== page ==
“Our spending patterns, resulting in a fiscal deficit, are currently unsustainable and, as such, raise the question around our ability to service our outstanding debt as well as any additional debt burden,” he said. “This is of primary concern to ratings agencies. While this can be addressed through fiscal reforms, they do take some time to take effect.”
Imports and exports
South Africa remains primarily a net exporter of low value-added primary products, such as commodities, and an importer of higher value-added products, coupled with a relatively undiversified basket of export goods, leaving the country vulnerable to downturns in commodity cycles.
Deficits are not in and of themselves a problem if a sovereign state is able to fund these through domestic savings, said Nalla. However, South Africa is considered a chronic low saver, with a domestic savings rate at zero or low single digits and, as a result, it is heavily reliant on foreign capital flows to offset existing deficiencies.
According to Jones, the Jubilee Debt Campaign’s report makes use of debt sustainability assessments, produced by the International Monetary Fund (IMF) and the World Bank, which predict future debt payments for low-income countries, countries that have recently moved from low-income to middle-income status, and small island states. Similar information for richer countries is not available.
Jones said the two institutions, as major creditors, have a clear conflict of interest when conducting such assessments. But they are the only assessments available.
The research findings showed that the countries most dependent on foreign lending have grown quickly, but their levels of poverty and inequality have generally been increasing.
Further, there have not been significant structural changes to their economies, such as a lower dependence on commodities, to make them more resilient to external shocks, and “high levels of lending mean that such shocks would be very likely to ignite new debt crises”, said the report.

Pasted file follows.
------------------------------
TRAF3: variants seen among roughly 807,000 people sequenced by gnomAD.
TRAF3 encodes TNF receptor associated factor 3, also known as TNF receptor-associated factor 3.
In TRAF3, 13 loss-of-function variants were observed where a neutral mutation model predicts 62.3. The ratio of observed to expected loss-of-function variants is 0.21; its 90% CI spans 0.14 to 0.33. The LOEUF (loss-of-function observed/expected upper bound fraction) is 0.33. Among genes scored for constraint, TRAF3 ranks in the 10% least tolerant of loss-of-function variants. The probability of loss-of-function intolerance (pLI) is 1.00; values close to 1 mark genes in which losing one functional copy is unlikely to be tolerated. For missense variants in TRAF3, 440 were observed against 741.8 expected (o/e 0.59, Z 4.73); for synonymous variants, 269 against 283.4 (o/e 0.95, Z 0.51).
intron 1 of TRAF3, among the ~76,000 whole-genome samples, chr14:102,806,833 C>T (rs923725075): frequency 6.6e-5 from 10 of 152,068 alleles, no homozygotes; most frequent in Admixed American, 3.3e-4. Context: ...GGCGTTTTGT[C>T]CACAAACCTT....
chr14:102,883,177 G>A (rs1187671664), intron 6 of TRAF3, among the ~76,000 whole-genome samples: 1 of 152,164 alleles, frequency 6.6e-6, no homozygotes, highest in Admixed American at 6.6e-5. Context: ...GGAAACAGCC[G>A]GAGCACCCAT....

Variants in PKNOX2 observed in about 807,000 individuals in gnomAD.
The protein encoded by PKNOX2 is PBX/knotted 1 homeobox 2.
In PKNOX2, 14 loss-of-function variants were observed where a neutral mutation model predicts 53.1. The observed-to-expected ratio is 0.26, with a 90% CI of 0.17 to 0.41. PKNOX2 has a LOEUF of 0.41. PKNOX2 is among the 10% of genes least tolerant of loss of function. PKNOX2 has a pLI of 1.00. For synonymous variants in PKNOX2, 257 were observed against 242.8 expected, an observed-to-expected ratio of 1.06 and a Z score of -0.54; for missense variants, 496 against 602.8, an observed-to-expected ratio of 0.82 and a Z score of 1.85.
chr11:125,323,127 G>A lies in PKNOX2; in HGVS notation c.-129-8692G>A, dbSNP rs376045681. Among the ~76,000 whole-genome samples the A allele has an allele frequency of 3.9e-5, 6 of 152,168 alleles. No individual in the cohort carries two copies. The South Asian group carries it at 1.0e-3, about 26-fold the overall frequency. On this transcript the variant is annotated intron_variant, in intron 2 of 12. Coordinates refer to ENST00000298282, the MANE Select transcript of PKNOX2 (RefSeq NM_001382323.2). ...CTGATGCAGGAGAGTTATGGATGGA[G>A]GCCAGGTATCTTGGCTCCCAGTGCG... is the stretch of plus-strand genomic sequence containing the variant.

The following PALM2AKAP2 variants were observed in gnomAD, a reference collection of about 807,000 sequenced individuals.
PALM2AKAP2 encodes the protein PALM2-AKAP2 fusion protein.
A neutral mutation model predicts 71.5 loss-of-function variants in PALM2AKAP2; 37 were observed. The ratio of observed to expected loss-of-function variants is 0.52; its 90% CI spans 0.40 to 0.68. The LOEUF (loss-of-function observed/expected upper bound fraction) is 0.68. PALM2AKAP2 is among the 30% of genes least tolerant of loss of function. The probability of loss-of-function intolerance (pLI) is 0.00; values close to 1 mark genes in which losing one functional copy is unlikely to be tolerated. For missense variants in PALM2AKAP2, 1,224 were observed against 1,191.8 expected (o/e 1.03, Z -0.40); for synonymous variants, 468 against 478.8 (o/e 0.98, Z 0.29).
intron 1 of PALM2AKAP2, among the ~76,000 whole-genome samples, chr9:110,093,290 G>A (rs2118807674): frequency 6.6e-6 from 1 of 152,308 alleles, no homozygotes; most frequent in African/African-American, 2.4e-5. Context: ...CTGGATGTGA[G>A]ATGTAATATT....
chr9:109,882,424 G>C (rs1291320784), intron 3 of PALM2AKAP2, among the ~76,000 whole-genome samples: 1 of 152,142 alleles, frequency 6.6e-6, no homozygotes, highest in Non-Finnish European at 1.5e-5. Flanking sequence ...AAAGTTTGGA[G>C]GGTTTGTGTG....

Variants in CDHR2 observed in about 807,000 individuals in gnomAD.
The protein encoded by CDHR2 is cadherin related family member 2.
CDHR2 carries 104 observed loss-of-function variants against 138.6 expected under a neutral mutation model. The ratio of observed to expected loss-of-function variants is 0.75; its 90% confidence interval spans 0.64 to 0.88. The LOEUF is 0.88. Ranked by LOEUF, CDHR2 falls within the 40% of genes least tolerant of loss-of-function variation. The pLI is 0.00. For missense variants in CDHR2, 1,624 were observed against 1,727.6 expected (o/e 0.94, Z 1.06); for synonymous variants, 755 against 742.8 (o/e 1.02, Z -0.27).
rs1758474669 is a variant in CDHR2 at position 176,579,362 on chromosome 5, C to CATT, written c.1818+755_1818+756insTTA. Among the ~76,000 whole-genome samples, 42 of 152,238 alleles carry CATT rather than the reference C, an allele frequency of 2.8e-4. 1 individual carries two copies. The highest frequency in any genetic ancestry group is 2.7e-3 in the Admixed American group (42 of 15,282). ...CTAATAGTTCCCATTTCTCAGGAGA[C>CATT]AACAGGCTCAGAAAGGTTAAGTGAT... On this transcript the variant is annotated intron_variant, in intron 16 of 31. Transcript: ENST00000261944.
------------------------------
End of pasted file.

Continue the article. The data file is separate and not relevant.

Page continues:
The recent fall in commodity prices means the loss of expected export income. It has caused currency devaluations, which increased the relative cost of debt payments made in foreign currencies.
The Jubilee report estimates Ghana’s currency devaluation will cause its foreign debt payments in 2015 to grow to 23% of government revenue – versus the 16% predicted by the IMF and World Bank. This does not take into account a drop in government revenue from lower commodity prices.
Although many multilateral and bilateral loans come with lower interest rates than from the private sector, they are still denominated in foreign currencies such as dollars. Interest rates on the major currencies in which loans are issued have not risen yet as interest rates in the US remain as historical lows, but they are expected to increase later in 2015.
“This could dramatically affect the relative value of government debts in dollars, and countries’ ability to repay them,” the Jubilee report said.
The research found foreign loans to low-income country governments trebled between 2008 and 2013, driven by more “aid” being provided as loans. Unlike loans to middle- and high-income nations, loans to low-income countries are dominated by the public sector.
“Aid” loans from Western governments have almost doubled since the global financial crisis began – $9-billion in 2006 to $18-billion by 2013, when primary providers of loans classified as aid were Japan, EU institutions, France and Germany.
The reason for the increase in loans from these “aid” givers is loans enable aid statistics to increase, or at least fall less, while committing less money over the medium term, thus helping cut budget deficits, the report speculated. “Under current Organisation for Economic Co-operation and Development rules, the whole loan is counted as aid in the year it is made.”
The report noted public-private partnerships (PPPs) are problematic.
“PPPs are currently thought to account for 15-20% of infrastructure investment in developing countries,” the report said, “but research suggests that PPPs are the most expensive way for governments to invest in infrastructure, ultimately costing more than twice as much as if the infrastructure had been financed with bank loans or bond issuance.”
Stopping the promotion of PPPs as a way to invest in infrastructure and services is one of a number of suggestions put forward in the report by the Jubilee Debt Campaign that could help to prevent future debt crisis. Other suggestions for concerned nations include: supporting cancellation of debts for countries already in crisis; regulating banks and international financial flows; supporting tax justice; and ensuring that aid takes the form of grants rather than loans, and that “aid” loans do not cause or contribute to debt crises.